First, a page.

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    What are Wireframes?

    Wireframes are a vital part of our web design process because they bridge the gap between strategy and design. All the data, spreadsheets, and discussions finally come together in a nice package that we can all see and interact with for the first time. They might not be pretty but they allow us to quickly convey and revise our concepts and strategy, without the distraction of design.

    Now that we’ve established the importance of wireframes, let’s discuss the various types and different ways we can approach them.

    Low-Fidelity Wireframes

    Low-fidelity wireframes are a simple visual representation of the content strategy. They give you a quick look at what content will be on each page, what visual priority that content has, and how it could be laid out at a very basic level. Low-fidelity wireframes consist of annotated blocks that represent content areas. They are relatively quick to produce and, for most people, much easier to digest than a spreadsheet of pages and content types. However, for more complex projects low-fidelity wireframes might leave too many questions unanswered before moving into design.

    High-Fidelity Wireframes

    High-fidelity wireframes go into much more detail. Whereas in low-fidelity you might see a gray box that represents a “featured post area.” In high-fidelity you might see featured images, excerpts, and links to view the full article. This added detail is perfect for exploring and documenting complex concepts such as menu systems or interactive maps. High-fidelity wireframes take more time to produce but the files can be used as a starting point for the design—thus saving design time in the end.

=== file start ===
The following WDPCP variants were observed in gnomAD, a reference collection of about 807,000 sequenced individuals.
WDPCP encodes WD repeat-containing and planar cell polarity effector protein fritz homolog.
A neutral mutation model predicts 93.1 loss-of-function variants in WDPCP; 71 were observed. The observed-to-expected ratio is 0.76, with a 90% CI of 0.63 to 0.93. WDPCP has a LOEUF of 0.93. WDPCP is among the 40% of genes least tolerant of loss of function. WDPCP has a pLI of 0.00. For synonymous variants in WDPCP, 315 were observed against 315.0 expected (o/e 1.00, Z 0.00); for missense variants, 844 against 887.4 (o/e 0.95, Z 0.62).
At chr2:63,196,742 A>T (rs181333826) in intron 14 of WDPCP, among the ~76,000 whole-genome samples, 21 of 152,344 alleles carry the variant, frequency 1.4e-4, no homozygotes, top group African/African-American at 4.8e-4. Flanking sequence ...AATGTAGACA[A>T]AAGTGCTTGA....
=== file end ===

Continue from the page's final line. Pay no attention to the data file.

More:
It should be noted that for simple projects going into this much detail is usually unnecessary.

    The Hybrid Approach

    If there are only a few complex components of the project we often use a hybrid approach to wireframes. We start with the low-fidelity approach to establish the bulk of the project while leveraging the detail of high-fidelity for the complex areas of the project.

    This approach allows us to meet all of our objectives while remaining as efficient as possible.

    The key is flexibility, choose a method that make the most sense for your situation. This is true throughout the entire project. Wireframes are a very important part of the process but they are only as good as the strategy they’re based on. In the end, wireframes are just one of the steps toward the end goal of a great project.

    Frequently Asked Questions

    High-Fidelity wireframes represent a close representation of the final design, often with a limited color palette and placeholder content. Unlike Low-Fidelity wireframes High-Fidelity wireframes take “content types” a step further with additional design detail to help the viewer visualize the general style and flow of a page.

    Low-Fidelity wireframes are designed to communicate the basic content types, blocks, and flow of a page. Low-Fidelity wireframes use only essential colors/features and often exclude placeholder content. You can think of Low-Fidelity wireframes as an abstracted version of the final page.

    “Mockup” is a design term that could mean “rough sketch” or “low-fidelity wireframe” in most cases. The jargon is used to convey a quick-take on a design that is meant to be consumed in a way that is distant from the final design.

    Wireframes can be created with any traditional design tool like Adobe Photoshop or Illustrator. In recent years, UX specific tools like Sketch, Adobe XD, Whimsical, and Balsamiq have been highly regarded as good wireframe solutions.

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